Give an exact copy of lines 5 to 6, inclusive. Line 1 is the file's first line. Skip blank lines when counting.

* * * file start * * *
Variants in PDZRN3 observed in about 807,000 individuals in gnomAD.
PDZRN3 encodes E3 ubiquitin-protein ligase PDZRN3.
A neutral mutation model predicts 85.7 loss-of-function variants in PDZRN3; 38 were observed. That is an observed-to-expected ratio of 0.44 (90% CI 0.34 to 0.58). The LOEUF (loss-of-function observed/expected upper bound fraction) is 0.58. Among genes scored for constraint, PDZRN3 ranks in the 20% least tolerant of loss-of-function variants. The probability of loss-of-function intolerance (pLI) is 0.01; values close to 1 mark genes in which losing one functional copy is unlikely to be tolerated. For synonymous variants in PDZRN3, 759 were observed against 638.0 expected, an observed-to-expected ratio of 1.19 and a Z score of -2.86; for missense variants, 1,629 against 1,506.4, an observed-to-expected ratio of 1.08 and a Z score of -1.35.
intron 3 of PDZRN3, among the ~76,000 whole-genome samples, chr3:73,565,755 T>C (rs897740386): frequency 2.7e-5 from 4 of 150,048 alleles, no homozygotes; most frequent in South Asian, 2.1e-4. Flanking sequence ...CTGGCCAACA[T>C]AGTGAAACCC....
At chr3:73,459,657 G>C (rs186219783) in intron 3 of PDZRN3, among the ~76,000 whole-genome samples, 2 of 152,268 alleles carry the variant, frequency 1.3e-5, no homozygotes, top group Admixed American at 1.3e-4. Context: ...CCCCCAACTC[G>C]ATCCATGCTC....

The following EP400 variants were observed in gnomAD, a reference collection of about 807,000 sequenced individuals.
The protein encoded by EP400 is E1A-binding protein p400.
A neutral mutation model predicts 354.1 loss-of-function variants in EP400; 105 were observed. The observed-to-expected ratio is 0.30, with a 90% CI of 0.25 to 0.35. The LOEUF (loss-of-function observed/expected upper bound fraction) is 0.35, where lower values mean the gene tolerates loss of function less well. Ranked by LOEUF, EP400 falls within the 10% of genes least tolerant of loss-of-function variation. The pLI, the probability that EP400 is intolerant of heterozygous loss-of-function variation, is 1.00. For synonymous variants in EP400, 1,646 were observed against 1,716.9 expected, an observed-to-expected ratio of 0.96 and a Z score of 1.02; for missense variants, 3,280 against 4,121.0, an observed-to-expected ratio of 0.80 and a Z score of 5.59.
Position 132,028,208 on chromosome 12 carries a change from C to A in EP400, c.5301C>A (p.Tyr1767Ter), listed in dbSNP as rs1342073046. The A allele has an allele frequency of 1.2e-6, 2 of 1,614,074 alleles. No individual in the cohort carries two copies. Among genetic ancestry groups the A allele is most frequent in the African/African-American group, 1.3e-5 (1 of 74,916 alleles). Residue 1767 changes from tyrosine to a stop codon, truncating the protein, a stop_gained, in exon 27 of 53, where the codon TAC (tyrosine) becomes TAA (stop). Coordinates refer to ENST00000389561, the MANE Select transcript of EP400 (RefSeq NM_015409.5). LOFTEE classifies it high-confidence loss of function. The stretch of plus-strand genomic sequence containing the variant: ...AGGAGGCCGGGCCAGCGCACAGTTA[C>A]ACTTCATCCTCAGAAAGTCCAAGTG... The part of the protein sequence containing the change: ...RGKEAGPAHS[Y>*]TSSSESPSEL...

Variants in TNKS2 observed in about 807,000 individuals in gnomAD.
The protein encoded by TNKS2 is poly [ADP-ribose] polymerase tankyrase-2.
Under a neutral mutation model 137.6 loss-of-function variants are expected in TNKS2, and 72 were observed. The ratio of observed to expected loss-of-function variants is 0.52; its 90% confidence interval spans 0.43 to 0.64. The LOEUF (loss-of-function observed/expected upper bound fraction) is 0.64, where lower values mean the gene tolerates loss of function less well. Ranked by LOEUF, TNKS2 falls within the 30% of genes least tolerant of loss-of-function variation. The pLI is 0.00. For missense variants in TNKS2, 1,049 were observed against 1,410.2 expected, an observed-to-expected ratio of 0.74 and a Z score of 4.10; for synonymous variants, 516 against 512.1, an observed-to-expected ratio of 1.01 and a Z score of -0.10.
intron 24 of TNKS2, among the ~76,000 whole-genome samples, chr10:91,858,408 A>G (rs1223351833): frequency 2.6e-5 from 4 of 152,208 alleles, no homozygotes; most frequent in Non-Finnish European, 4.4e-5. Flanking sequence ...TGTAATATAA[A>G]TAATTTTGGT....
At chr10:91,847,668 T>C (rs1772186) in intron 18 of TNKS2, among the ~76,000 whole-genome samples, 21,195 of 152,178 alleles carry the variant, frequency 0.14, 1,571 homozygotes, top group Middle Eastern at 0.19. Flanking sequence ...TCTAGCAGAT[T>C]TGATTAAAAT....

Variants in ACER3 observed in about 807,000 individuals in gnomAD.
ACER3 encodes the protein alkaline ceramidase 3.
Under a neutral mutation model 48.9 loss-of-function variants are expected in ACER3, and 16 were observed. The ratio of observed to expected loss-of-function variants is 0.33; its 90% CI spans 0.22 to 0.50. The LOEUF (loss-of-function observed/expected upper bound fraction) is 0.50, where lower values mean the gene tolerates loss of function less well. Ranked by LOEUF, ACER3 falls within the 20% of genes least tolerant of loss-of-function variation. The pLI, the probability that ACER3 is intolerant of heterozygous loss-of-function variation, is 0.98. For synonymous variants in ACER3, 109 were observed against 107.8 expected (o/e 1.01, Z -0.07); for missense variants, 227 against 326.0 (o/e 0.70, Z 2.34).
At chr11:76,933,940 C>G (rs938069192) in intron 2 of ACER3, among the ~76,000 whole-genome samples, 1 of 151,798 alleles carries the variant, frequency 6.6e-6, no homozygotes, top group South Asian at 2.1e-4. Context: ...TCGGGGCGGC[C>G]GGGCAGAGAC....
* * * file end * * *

At chr3:73,459,657 G>C (rs186219783) in intron 3 of PDZRN3, among the ~76,000 whole-genome samples, 2 of 152,268 alleles carry the variant, frequency 1.3e-5, no homozygotes, top group Admixed American at 1.3e-4. Context: ...CCCCCAACTC[G>C]ATCCATGCTC....

The following EP400 variants were observed in gnomAD, a reference collection of about 807,000 sequenced individuals.